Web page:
The ideal time frame for sampling remains controversial, but information on kinetic patterns and physiological pathways suggests that it has important clinical consequences. In adult patients with severe TBI, S-100β protein kinetic patterns of serum and urine levels have been shown to differ. In a study conducted by Rodriguez et al.,Reference Rodriguez-Rodriguez, Egea-Guerrero and Leon-Justel2 in both cases, a peak was reached in the first sample within 6 h of injury. Serum levels gradually decreased until 96 h while urine levels decreased until 48 h but increased up to 96 h.Reference Rodriguez-Rodriguez, Egea-Guerrero and Leon-Justel2 For practical purposes, serum and urine samples are often taken at the same time, even though S-100β protein physiological pathways suggest temporal differences. Following a TBI, the bloodbrain barrier is often disrupted and proteins are leaked into the serum. Serum half-life of S-100β protein is estimated to be 30,Reference Hallen, Karlsson, Carlhed, Hallgren and Bergenheim4 60Reference Dash, Zhao, Hergenroeder and Moore7 or even 120 min.Reference Thelin, Nelson and Bellander8 Persistent elevations of S-100β protein levels thus indicate a passive release or an active secretion from damaged tissues.Reference Rodriguez-Rodriguez, Egea-Guerrero and Leon-Justel2, Reference Thelin, Nelson and Bellander8 Urine samples taken within 2 h of injury might be uncorrelated with intracranial injury but we found insufficient evidence to draw any firm conclusions. Some authors suggest that if both samples are taken too early (e.g., <12 h in severe TBI), serum and urine samples could still be confounded by extracranial S-100β protein influx.Reference Thelin, Nelson and Bellander8 Under these conditions, the serum and urine sampling times that would allow the best potential correlation with patient’s diagnosis or prognosis might differ.
In summary, the results of our study suggest that urine samples measured with ELISA technology are unlikely to be as useful as serum samples to measure S-100β protein concentration to guide clinical management of adults with mTBI during the acute phase in the ED. This was the first study to compare S-100β protein levels in plasma and urine in this population. Future studies should assess the relevance of using urine samples with other biomarkers in the ED context.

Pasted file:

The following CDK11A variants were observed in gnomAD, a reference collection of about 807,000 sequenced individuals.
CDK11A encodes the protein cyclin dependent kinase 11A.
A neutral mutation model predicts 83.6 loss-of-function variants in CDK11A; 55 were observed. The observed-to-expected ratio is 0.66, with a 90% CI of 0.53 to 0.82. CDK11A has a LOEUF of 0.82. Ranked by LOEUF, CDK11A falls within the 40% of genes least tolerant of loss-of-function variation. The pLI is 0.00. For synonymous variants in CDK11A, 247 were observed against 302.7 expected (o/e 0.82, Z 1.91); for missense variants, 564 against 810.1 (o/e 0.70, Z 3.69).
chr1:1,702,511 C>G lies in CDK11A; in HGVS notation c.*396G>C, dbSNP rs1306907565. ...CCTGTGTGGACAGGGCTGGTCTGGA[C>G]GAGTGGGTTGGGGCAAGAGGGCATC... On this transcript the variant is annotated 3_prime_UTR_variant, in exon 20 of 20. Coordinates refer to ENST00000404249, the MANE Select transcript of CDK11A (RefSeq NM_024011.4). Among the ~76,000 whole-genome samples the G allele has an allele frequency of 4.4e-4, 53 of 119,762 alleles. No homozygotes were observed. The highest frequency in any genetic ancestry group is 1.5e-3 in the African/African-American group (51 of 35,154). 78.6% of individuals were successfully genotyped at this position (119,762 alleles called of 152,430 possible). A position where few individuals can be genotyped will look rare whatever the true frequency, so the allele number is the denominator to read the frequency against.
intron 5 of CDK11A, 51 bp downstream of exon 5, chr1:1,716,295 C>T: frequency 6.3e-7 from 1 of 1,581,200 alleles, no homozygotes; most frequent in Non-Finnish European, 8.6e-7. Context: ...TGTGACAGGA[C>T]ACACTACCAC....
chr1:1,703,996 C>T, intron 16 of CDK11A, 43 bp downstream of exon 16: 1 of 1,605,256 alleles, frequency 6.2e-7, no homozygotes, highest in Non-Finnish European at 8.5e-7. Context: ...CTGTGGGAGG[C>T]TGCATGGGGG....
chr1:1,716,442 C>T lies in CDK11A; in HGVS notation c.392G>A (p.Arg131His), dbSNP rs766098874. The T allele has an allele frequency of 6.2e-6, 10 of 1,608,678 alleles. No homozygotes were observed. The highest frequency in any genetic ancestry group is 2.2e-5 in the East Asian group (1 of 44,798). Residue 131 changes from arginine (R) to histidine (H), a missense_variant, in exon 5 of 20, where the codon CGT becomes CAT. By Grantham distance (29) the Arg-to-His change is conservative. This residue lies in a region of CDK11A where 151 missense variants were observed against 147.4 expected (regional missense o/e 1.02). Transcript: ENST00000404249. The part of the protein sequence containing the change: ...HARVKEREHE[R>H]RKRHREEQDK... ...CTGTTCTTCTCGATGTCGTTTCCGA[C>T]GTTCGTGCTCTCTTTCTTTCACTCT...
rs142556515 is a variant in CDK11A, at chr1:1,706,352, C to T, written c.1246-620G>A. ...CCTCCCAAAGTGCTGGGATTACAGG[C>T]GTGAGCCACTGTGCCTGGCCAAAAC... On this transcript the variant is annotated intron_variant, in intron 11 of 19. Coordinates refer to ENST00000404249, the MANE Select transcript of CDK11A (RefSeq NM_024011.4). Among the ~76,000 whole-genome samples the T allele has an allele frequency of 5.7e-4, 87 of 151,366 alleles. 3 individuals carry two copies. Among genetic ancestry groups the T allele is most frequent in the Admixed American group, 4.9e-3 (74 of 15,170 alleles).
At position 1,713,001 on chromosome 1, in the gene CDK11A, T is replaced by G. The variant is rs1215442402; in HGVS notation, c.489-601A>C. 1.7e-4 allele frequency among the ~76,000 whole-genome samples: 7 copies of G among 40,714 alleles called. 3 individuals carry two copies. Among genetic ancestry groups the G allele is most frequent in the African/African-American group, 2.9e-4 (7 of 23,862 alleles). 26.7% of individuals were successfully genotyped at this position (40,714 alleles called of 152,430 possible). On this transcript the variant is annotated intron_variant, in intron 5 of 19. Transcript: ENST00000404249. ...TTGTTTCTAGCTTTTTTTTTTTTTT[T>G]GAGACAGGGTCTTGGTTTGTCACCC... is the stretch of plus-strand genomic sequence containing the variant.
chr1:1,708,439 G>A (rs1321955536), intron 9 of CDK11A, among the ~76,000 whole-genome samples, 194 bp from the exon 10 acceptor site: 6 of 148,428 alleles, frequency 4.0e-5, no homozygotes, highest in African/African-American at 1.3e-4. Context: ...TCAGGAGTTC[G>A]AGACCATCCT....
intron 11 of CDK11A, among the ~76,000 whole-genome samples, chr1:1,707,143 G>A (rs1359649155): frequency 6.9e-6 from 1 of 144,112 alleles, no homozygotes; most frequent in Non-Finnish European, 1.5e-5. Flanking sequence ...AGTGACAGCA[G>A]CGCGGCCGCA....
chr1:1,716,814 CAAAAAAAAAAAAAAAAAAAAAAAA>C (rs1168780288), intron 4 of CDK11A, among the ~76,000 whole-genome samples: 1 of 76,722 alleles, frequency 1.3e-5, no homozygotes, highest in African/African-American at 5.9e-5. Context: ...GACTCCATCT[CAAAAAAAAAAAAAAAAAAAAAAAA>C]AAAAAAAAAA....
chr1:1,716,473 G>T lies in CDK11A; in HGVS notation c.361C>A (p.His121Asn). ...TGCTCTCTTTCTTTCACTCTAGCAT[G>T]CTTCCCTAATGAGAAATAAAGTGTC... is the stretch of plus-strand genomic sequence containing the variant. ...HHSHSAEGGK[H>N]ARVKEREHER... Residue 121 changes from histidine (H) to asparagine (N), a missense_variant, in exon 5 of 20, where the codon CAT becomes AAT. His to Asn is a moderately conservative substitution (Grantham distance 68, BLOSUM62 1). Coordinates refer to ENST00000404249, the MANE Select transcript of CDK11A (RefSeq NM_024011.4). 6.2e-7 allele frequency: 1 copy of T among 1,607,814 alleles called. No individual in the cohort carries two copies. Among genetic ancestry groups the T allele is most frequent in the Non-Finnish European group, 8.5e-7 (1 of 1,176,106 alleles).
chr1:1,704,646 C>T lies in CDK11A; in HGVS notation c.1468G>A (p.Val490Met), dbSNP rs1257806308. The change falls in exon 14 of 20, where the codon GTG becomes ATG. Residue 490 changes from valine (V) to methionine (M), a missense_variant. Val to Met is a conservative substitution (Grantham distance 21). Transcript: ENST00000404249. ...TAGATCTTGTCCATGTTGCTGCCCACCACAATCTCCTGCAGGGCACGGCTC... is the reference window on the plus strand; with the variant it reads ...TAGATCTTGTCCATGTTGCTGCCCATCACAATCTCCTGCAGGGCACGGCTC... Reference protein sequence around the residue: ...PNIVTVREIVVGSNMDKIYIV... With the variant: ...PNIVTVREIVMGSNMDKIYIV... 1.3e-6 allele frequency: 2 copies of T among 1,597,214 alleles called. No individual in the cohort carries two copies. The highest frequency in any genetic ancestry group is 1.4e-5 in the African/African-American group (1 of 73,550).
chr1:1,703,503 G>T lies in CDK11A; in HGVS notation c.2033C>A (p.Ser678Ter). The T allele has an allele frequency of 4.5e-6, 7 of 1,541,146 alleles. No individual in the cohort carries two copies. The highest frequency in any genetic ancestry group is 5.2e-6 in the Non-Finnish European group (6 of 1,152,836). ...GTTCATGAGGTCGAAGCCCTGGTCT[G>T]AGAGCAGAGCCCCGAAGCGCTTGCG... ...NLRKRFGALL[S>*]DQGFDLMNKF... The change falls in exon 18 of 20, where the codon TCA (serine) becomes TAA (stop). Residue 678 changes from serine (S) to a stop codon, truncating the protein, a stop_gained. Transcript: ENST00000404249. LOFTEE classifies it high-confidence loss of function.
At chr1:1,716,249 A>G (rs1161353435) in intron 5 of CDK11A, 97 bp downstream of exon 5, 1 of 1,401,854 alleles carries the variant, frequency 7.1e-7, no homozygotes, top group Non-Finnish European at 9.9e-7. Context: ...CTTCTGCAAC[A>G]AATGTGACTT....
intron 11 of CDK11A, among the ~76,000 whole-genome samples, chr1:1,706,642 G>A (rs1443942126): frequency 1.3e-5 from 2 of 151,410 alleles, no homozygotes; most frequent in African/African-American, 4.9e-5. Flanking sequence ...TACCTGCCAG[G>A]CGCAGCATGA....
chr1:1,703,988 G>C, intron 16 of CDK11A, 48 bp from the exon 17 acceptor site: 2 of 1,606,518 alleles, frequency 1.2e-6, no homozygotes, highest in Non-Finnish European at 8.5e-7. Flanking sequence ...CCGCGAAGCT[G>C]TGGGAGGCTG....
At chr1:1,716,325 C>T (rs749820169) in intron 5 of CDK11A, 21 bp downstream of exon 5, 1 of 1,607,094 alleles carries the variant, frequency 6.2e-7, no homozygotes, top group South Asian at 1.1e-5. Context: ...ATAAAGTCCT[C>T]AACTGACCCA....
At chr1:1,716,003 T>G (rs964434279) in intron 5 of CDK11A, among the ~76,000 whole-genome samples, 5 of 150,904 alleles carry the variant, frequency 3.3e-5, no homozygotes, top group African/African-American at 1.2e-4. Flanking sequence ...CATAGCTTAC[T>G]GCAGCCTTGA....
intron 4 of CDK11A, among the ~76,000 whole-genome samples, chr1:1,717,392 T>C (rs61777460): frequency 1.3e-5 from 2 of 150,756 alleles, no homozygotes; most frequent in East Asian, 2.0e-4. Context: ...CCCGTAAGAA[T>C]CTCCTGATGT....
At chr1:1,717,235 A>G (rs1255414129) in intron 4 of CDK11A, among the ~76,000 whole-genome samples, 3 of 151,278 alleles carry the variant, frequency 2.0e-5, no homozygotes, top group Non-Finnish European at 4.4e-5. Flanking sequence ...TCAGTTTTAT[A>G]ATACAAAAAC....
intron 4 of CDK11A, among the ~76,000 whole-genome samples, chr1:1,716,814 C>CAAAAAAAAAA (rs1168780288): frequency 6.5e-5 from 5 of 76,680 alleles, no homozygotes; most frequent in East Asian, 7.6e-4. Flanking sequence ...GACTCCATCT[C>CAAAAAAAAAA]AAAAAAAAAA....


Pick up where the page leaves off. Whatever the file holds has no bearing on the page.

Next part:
The authors would like to thank Marilyne Dufresne for supervising patient recruitment, Daniel Robin for his support with the database, Françoise Morin and Dounia Hamoudi for laboratory analyses and all emergency physicians of the Hôpital de l’Enfant-Jésus du CHU de Québec-Université Laval for their involvement in this study.
Natalie Le Sage received a CIHR «Catalyst Grant – Mild Traumatic Brain Injury (#290457)» for this project. The other authors have no conflicts of interest.
Statement of authorship
NL, JF, ME, JMC, LM, PA and JP conceived the study and obtained research funding. NL undertook recruitment of patients and managed data. JF and ABP were responsible for human products and laboratory analyses. NL and PAT provided statistical advice on study design and analysed the data. PAT drafted the manuscript, NL critically revised it and all remaining authors contributed substantially to its final revision. NL takes responsibility for the paper as a whole.